|« Importance of ABO and Secretor Status in Metabolic Syndrome||'Atypical' Coeliac Disease »|
Are there diet options that will assist in quit smoking? Most difficult hurdle to quit. Am 53 years of age and have smoked since 9 years of age. Tried every marketed product. What's the crazy 'noose' that holds this habit inside my life so strongly? Better, what is the solution to ridding of this nasty and lethal habit? Thanks for your advice.
The World Health Organization estimates that tobacco kills around 4.9 million people a year, and that this will rise to 10 million by 2030 (1).
Smoking predisposes and contributes to cell-damaging changes throughout the body. Smokers have a greater incidence of coronary heart disease, myocardial infarction, peripheral vascular disease and reduced healing rates. People with diabetes and women who use oral contraceptives are at higher risk of circulatory problems, and respiratory disease is higher among smokers. Smoking increases the risk and severity of oral cancer, periodontal disease, and premalignancy in the oral cavity (see previous article on smoking).
A study on how dentists can play a part in helping their patients to give up smoking using a point of care test for measuring salivary nicotine metabolites (2) improved smoking quit rates by 17% at eight weeks.
A saliva test carried out during the visit to the dentist gave patients a visual scale of the level of toxic substances in the blood. Patients were given verbal counselling on smoking cessation, information about the effects of smoking on oral health (including photographs of smoking related disease), and literature packs. They were then asked to attend the dental clinic eight weeks later, with the objective of smoking cessation as measured by self report and confirmed by a salivary nicotine metabolite value of zero.
At eight weeks the saliva test showed that quit rates had improved significantly, with 23% of cases quitting compared with 6% of controls (based on the number of patients who attended the follow-up).
The authors recommend: "The identification, documentation, screening, and treatment of every tobacco user should become standard practice in all healthcare environments."
It appears that personalised feedback on exposure to tobacco derived toxins can improve motivation to quit smoking. Immediate and personalised biofeedback from the test reinforced counselling and placed potential quitters in a more supportive environment.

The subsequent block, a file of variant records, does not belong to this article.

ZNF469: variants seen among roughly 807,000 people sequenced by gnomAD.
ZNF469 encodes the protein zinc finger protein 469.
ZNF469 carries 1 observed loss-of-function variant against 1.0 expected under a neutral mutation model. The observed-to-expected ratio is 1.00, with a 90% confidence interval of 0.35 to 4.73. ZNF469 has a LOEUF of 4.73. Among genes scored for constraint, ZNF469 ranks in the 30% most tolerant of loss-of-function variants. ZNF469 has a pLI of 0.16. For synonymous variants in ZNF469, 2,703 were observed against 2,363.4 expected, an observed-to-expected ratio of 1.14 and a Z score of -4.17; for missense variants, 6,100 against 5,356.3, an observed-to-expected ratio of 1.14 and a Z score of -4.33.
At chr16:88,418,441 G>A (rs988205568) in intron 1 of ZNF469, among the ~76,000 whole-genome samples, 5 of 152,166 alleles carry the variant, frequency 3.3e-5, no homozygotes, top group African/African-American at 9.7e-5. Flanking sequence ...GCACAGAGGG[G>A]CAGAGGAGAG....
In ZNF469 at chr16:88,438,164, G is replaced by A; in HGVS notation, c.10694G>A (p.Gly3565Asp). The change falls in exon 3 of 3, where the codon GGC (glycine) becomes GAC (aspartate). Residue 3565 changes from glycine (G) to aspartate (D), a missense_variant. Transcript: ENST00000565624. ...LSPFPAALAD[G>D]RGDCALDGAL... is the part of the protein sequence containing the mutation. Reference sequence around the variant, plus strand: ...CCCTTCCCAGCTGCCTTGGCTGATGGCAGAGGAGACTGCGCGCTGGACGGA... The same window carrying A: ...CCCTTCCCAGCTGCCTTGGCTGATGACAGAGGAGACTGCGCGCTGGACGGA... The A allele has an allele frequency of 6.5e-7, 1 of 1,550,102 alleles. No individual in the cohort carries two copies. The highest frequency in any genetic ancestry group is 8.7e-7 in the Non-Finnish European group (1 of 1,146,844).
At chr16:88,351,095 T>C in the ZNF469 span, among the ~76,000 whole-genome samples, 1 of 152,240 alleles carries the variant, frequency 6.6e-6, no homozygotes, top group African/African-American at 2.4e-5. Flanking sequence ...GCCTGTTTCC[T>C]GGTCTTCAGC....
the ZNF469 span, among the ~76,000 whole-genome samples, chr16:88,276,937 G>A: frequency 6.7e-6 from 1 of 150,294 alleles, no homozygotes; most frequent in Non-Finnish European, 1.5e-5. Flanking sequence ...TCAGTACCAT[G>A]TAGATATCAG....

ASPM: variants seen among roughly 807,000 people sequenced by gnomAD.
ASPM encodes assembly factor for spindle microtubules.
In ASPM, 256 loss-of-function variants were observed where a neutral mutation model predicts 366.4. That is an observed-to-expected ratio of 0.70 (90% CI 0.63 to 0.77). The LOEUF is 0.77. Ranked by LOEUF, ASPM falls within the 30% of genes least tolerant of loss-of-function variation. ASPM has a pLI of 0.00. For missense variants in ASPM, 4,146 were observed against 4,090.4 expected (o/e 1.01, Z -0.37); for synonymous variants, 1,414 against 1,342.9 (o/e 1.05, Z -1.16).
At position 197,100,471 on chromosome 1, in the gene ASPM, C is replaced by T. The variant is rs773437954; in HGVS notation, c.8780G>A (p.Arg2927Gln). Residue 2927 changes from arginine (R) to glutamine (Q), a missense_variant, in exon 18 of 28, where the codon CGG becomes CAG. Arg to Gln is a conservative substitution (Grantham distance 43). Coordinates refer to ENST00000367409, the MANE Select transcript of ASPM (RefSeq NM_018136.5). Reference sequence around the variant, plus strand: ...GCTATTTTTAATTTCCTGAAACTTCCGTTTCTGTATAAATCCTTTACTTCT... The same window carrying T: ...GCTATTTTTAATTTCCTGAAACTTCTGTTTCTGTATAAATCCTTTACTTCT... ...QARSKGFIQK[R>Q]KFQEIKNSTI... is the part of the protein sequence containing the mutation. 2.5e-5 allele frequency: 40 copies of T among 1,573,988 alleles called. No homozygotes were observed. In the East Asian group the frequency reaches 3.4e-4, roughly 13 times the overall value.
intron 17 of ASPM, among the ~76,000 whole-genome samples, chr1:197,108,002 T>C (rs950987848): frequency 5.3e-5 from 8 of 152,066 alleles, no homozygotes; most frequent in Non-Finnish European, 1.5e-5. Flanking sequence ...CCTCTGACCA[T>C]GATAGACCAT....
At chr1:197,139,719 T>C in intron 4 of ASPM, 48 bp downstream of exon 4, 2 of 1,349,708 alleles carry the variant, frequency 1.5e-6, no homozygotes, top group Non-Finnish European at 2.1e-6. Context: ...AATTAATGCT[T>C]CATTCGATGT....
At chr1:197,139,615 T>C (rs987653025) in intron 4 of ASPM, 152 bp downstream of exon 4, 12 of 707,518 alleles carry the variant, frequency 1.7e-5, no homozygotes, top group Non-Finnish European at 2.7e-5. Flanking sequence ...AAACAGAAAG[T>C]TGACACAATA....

You may wish to consult your dentist on stopping smoking, however your naturopath may be able to offer further assistance:
In natural medicine the herb Lobelia inflata has been used to help people stop smoking. An active ingredient in the lobelia plant, lobeline, is similar to nicotine in its effect on the body. Like nicotine, it stimulates nerves in the central nervous system. In fact, lobeline has been used as a nicotine substitute in many anti-smoking products and preparations designed to break the smoking habit. In 1993, however, the U.S. Food and Drug Administration (FDA) prohibited the sale of lobeline-containing smoking products because, according to the FDA report, they lacked effectiveness in helping people quit or reduce smoking.
It is important to note that lobelia is a potentially toxic herb. Lobelia can be safely used in very small doses (particularly homeopathic doses), but moderate to large doses can cause serious adverse effects ranging from dry mouth and nausea to convulsions and even coma. Under the guidance of a qualified healthcare practitioner, however, lobelia, in combination with other herbs that affect the respiratory system, is considered relatively safe.
In homoeopathy there are various other remedies that may be used to help individuals stop smoking, including Caladium Seguinum, Natrum Carbonicum and Sepia, depending on the clinical picture.
(1) World Health Organization. Annual report from WHO's tobacco free initiative. Geneva: WHO, 1999.
(2) Effect of incorporating a 10 minute point of care test for salivary nicotine metabolites into a general practice based smoking cessation programme: randomised controlled trial.
Barnfather KD, Cope GF, Chapple IL.
BMJ. 2005 Oct 29;331(7523):999.
Comments are not allowed from anonymous visitors.